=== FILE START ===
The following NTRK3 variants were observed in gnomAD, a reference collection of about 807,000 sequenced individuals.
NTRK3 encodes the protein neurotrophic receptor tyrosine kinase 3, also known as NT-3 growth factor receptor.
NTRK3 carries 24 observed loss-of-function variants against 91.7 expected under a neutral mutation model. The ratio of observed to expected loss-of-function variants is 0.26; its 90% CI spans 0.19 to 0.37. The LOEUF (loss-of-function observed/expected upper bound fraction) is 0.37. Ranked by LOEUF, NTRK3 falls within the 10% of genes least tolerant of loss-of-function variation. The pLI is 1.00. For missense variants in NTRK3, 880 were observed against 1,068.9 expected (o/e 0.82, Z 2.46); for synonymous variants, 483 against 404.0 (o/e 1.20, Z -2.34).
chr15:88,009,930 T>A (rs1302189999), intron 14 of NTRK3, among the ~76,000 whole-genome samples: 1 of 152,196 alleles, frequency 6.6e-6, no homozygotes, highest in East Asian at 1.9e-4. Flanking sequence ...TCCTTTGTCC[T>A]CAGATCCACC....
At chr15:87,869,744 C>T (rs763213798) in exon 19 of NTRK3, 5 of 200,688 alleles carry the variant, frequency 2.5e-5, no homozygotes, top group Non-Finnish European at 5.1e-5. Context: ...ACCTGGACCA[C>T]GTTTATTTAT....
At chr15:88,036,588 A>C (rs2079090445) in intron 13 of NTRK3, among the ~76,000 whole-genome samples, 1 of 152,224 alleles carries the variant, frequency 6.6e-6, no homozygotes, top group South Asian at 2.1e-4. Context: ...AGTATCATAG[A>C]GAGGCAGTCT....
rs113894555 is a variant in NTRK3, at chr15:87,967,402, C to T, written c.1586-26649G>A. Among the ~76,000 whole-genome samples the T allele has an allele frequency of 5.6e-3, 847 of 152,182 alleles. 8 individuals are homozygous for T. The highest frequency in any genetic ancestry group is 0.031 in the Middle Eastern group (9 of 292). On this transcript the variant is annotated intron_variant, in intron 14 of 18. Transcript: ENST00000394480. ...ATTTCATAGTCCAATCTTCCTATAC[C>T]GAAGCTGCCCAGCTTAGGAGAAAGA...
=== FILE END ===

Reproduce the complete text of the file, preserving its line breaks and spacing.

The following NTRK3 variants were observed in gnomAD, a reference collection of about 807,000 sequenced individuals.
NTRK3 encodes the protein neurotrophic receptor tyrosine kinase 3, also known as NT-3 growth factor receptor.
NTRK3 carries 24 observed loss-of-function variants against 91.7 expected under a neutral mutation model. The ratio of observed to expected loss-of-function variants is 0.26; its 90% CI spans 0.19 to 0.37. The LOEUF (loss-of-function observed/expected upper bound fraction) is 0.37. Ranked by LOEUF, NTRK3 falls within the 10% of genes least tolerant of loss-of-function variation. The pLI is 1.00. For missense variants in NTRK3, 880 were observed against 1,068.9 expected (o/e 0.82, Z 2.46); for synonymous variants, 483 against 404.0 (o/e 1.20, Z -2.34).
chr15:88,009,930 T>A (rs1302189999), intron 14 of NTRK3, among the ~76,000 whole-genome samples: 1 of 152,196 alleles, frequency 6.6e-6, no homozygotes, highest in East Asian at 1.9e-4. Flanking sequence ...TCCTTTGTCC[T>A]CAGATCCACC....
At chr15:87,869,744 C>T (rs763213798) in exon 19 of NTRK3, 5 of 200,688 alleles carry the variant, frequency 2.5e-5, no homozygotes, top group Non-Finnish European at 5.1e-5. Context: ...ACCTGGACCA[C>T]GTTTATTTAT....
At chr15:88,036,588 A>C (rs2079090445) in intron 13 of NTRK3, among the ~76,000 whole-genome samples, 1 of 152,224 alleles carries the variant, frequency 6.6e-6, no homozygotes, top group South Asian at 2.1e-4. Context: ...AGTATCATAG[A>C]GAGGCAGTCT....
rs113894555 is a variant in NTRK3, at chr15:87,967,402, C to T, written c.1586-26649G>A. Among the ~76,000 whole-genome samples the T allele has an allele frequency of 5.6e-3, 847 of 152,182 alleles. 8 individuals are homozygous for T. The highest frequency in any genetic ancestry group is 0.031 in the Middle Eastern group (9 of 292). On this transcript the variant is annotated intron_variant, in intron 14 of 18. Transcript: ENST00000394480. ...ATTTCATAGTCCAATCTTCCTATAC[C>T]GAAGCTGCCCAGCTTAGGAGAAAGA...